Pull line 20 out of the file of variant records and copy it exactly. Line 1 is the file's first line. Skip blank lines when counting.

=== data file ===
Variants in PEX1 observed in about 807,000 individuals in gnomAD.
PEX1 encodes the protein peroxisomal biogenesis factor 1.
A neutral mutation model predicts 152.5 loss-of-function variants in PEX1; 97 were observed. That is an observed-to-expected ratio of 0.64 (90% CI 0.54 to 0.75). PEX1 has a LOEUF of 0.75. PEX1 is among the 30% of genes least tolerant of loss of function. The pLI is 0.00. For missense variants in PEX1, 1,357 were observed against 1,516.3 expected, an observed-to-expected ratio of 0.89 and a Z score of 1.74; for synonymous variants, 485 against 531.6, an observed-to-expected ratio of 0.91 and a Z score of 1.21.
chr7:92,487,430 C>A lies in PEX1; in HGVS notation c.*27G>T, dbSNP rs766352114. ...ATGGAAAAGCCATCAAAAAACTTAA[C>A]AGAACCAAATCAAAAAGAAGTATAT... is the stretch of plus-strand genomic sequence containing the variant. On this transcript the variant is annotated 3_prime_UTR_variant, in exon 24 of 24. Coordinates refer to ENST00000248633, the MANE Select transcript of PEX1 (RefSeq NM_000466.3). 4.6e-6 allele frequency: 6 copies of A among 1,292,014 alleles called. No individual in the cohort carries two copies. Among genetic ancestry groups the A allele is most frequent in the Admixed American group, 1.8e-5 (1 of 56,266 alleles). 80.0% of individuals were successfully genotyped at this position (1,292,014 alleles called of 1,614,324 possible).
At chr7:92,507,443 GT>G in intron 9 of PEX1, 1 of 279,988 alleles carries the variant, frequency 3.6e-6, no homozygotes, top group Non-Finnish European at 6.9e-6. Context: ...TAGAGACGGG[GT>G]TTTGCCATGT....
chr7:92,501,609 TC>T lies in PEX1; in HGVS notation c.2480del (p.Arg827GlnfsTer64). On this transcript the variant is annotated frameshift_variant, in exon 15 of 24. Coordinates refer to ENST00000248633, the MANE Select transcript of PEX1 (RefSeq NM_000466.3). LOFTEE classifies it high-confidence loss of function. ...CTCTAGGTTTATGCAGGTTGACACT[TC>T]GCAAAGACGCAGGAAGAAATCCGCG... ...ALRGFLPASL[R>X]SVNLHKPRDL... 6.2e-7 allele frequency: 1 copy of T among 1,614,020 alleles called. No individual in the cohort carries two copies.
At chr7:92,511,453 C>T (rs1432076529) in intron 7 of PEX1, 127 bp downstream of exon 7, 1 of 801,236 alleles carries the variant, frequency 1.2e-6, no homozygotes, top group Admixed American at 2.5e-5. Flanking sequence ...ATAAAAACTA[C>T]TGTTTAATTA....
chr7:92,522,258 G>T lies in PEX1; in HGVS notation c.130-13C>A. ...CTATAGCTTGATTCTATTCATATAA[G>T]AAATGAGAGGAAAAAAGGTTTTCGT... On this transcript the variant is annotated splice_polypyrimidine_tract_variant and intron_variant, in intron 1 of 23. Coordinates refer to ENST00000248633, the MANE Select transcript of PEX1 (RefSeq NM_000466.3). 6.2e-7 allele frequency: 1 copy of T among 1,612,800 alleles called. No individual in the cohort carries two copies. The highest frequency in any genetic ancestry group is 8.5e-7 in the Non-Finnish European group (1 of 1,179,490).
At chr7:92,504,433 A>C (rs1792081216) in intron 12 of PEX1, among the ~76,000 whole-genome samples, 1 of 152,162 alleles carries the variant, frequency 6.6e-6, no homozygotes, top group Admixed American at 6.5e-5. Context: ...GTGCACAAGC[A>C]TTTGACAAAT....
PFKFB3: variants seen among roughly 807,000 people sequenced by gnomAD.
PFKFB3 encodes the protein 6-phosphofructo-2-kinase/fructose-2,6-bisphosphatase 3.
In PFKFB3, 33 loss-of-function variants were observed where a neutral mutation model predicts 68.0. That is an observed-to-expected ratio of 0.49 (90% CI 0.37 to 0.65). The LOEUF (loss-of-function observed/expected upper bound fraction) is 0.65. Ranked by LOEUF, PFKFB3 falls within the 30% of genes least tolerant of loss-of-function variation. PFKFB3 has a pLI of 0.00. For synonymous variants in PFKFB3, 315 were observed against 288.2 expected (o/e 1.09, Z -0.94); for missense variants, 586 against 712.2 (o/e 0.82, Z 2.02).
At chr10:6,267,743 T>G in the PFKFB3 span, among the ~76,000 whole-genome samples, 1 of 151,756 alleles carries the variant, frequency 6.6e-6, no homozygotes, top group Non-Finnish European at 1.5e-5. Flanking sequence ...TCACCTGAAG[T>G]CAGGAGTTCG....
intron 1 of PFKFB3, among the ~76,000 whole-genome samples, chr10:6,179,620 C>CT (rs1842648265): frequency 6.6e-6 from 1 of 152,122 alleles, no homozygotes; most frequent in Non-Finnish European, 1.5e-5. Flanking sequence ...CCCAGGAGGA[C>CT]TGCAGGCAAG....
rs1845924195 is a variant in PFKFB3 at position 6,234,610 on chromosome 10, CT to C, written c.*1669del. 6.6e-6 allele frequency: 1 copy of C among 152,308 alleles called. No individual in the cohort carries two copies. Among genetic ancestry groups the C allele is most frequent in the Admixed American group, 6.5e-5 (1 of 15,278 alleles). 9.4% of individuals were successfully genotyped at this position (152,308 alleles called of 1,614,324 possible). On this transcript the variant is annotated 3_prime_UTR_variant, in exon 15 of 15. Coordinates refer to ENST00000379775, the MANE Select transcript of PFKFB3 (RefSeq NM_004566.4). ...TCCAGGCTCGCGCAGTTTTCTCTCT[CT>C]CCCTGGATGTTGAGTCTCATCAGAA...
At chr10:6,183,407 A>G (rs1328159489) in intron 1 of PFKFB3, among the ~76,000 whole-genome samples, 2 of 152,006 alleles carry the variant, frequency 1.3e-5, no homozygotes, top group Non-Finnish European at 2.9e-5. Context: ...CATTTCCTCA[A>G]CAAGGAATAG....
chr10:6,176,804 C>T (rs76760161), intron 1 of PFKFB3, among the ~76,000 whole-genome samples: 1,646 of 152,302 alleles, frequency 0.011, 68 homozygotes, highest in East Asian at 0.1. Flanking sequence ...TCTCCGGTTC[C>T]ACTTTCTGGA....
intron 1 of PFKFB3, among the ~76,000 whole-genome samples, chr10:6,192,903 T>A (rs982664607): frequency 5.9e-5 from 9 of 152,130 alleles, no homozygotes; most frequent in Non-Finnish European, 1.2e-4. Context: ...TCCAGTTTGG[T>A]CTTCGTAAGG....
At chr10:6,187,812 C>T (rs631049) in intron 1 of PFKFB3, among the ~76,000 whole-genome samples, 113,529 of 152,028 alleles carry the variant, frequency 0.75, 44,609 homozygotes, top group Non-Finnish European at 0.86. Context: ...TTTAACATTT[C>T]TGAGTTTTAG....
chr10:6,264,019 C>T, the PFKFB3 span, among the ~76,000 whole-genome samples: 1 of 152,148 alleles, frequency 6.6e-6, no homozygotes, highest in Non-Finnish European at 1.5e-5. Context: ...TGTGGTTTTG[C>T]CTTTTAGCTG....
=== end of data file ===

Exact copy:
chr10:6,264,019 C>T, the PFKFB3 span, among the ~76,000 whole-genome samples: 1 of 152,148 alleles, frequency 6.6e-6, no homozygotes, highest in Non-Finnish European at 1.5e-5. Context: ...TGTGGTTTTG[C>T]CTTTTAGCTG....